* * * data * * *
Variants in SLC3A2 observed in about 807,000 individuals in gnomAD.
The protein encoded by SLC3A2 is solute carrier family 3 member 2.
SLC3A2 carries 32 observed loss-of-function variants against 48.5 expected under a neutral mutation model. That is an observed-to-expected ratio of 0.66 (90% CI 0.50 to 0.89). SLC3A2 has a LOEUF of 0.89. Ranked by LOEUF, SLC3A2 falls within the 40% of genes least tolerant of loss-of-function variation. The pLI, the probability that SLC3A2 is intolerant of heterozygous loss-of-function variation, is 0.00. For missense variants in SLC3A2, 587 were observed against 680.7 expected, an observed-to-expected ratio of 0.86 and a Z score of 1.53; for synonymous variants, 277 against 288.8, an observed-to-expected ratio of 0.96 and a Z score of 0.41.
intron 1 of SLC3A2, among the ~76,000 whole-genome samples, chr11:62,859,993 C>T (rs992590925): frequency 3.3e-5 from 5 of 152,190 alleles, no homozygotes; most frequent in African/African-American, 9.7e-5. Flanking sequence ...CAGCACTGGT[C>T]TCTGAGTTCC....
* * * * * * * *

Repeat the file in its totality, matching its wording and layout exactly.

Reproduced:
Variants in SLC3A2 observed in about 807,000 individuals in gnomAD.
The protein encoded by SLC3A2 is solute carrier family 3 member 2.
SLC3A2 carries 32 observed loss-of-function variants against 48.5 expected under a neutral mutation model. That is an observed-to-expected ratio of 0.66 (90% CI 0.50 to 0.89). SLC3A2 has a LOEUF of 0.89. Ranked by LOEUF, SLC3A2 falls within the 40% of genes least tolerant of loss-of-function variation. The pLI, the probability that SLC3A2 is intolerant of heterozygous loss-of-function variation, is 0.00. For missense variants in SLC3A2, 587 were observed against 680.7 expected, an observed-to-expected ratio of 0.86 and a Z score of 1.53; for synonymous variants, 277 against 288.8, an observed-to-expected ratio of 0.96 and a Z score of 0.41.
intron 1 of SLC3A2, among the ~76,000 whole-genome samples, chr11:62,859,993 C>T (rs992590925): frequency 3.3e-5 from 5 of 152,190 alleles, no homozygotes; most frequent in African/African-American, 9.7e-5. Flanking sequence ...CAGCACTGGT[C>T]TCTGAGTTCC....